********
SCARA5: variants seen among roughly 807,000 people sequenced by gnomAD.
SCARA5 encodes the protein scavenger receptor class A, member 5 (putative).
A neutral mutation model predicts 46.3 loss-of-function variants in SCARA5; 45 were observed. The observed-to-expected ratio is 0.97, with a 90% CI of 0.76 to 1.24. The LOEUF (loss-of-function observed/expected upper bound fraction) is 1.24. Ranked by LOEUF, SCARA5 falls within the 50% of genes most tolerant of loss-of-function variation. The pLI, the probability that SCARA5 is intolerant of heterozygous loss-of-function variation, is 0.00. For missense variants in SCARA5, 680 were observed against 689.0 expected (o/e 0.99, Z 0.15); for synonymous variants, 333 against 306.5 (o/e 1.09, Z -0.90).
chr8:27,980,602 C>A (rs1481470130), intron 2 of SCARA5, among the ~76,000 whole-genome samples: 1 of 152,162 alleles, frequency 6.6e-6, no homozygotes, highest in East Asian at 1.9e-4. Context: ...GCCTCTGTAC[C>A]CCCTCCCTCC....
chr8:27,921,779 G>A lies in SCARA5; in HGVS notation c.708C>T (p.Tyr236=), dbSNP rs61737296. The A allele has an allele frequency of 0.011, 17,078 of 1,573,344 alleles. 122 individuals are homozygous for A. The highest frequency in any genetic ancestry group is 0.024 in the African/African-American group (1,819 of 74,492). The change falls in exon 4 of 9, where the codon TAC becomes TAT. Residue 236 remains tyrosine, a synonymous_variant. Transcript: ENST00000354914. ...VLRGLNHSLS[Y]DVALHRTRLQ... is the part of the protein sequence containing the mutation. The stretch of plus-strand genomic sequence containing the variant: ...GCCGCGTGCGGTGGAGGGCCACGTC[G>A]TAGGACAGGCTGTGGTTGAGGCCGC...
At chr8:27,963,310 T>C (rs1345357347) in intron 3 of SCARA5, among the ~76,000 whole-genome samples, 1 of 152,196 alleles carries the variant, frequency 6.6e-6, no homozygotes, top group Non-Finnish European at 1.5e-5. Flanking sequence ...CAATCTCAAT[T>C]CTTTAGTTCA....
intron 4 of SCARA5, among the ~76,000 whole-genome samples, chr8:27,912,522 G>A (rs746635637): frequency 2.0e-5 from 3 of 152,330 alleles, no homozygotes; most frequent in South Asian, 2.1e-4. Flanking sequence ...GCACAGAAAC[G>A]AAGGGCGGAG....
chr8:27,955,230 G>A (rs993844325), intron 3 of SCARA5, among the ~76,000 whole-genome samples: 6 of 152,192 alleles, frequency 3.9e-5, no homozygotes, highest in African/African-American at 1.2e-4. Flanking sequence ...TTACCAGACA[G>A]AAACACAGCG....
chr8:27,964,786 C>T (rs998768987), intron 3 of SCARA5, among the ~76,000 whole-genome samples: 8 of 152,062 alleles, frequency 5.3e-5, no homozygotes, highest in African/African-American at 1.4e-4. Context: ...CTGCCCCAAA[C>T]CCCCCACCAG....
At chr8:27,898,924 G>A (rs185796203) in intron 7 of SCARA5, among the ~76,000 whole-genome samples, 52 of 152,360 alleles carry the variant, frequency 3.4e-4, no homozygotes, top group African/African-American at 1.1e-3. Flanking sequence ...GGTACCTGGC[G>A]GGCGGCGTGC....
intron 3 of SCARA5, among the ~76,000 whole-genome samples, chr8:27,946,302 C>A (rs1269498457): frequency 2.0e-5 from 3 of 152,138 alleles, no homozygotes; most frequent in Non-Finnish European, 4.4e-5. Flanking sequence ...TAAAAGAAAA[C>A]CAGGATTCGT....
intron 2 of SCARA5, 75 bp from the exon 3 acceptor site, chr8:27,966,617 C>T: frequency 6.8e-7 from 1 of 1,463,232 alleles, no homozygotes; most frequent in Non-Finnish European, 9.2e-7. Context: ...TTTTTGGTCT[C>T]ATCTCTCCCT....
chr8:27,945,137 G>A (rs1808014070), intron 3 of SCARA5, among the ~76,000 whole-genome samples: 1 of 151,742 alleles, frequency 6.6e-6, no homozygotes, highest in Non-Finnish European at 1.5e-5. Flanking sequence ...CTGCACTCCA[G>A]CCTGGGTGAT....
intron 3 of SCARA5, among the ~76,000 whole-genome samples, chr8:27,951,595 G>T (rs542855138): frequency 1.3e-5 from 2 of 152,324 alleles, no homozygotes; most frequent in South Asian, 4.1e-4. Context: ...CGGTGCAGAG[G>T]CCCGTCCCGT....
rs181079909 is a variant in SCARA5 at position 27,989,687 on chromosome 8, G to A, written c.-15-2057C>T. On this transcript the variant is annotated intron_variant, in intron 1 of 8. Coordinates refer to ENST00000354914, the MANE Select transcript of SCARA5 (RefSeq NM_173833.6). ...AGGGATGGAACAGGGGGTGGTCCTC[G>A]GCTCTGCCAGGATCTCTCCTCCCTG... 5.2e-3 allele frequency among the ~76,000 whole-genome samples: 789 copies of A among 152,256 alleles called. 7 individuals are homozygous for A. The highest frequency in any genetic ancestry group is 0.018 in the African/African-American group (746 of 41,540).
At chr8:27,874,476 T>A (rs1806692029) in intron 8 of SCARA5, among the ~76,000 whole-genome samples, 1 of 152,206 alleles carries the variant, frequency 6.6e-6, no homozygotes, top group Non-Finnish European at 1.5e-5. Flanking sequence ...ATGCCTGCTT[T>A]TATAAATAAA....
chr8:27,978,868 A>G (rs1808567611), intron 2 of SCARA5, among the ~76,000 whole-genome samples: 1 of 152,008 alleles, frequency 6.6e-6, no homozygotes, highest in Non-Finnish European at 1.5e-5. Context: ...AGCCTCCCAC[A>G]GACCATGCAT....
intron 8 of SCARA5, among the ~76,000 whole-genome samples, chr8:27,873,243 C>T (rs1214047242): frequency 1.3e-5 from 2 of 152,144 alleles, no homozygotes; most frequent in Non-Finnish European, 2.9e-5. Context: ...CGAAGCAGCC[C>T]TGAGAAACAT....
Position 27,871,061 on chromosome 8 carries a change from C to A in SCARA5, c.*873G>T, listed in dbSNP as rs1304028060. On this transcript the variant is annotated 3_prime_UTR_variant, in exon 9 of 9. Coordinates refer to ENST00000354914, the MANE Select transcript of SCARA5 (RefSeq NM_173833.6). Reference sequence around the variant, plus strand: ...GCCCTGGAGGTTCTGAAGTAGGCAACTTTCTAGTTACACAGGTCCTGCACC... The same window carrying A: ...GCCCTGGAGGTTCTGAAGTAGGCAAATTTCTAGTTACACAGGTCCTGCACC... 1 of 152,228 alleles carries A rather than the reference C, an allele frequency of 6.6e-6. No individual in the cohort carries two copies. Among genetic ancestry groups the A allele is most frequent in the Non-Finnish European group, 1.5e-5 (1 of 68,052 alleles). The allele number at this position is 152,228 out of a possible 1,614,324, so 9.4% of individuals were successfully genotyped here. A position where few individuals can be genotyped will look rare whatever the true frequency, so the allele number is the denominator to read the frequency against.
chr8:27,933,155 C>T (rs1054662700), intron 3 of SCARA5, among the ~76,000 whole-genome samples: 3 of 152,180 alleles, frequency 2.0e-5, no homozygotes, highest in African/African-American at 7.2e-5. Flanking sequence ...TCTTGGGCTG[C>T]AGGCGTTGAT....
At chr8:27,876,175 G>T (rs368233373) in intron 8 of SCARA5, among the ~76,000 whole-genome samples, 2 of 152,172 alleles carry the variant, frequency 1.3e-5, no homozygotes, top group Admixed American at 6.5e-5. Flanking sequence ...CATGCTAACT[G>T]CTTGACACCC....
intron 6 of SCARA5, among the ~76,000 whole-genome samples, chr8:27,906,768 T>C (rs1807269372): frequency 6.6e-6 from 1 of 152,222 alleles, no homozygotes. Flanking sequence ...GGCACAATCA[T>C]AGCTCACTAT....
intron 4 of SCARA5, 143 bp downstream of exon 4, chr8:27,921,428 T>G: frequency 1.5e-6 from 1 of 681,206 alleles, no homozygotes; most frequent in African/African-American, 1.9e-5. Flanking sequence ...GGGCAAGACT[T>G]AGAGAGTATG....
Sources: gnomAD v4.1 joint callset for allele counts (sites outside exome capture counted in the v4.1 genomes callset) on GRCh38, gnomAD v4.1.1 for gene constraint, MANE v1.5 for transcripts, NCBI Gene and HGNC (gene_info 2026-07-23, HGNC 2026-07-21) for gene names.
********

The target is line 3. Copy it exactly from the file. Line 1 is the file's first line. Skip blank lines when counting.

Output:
A neutral mutation model predicts 46.3 loss-of-function variants in SCARA5; 45 were observed. The observed-to-expected ratio is 0.97, with a 90% CI of 0.76 to 1.24. The LOEUF (loss-of-function observed/expected upper bound fraction) is 1.24. Ranked by LOEUF, SCARA5 falls within the 50% of genes most tolerant of loss-of-function variation. The pLI, the probability that SCARA5 is intolerant of heterozygous loss-of-function variation, is 0.00. For missense variants in SCARA5, 680 were observed against 689.0 expected (o/e 0.99, Z 0.15); for synonymous variants, 333 against 306.5 (o/e 1.09, Z -0.90).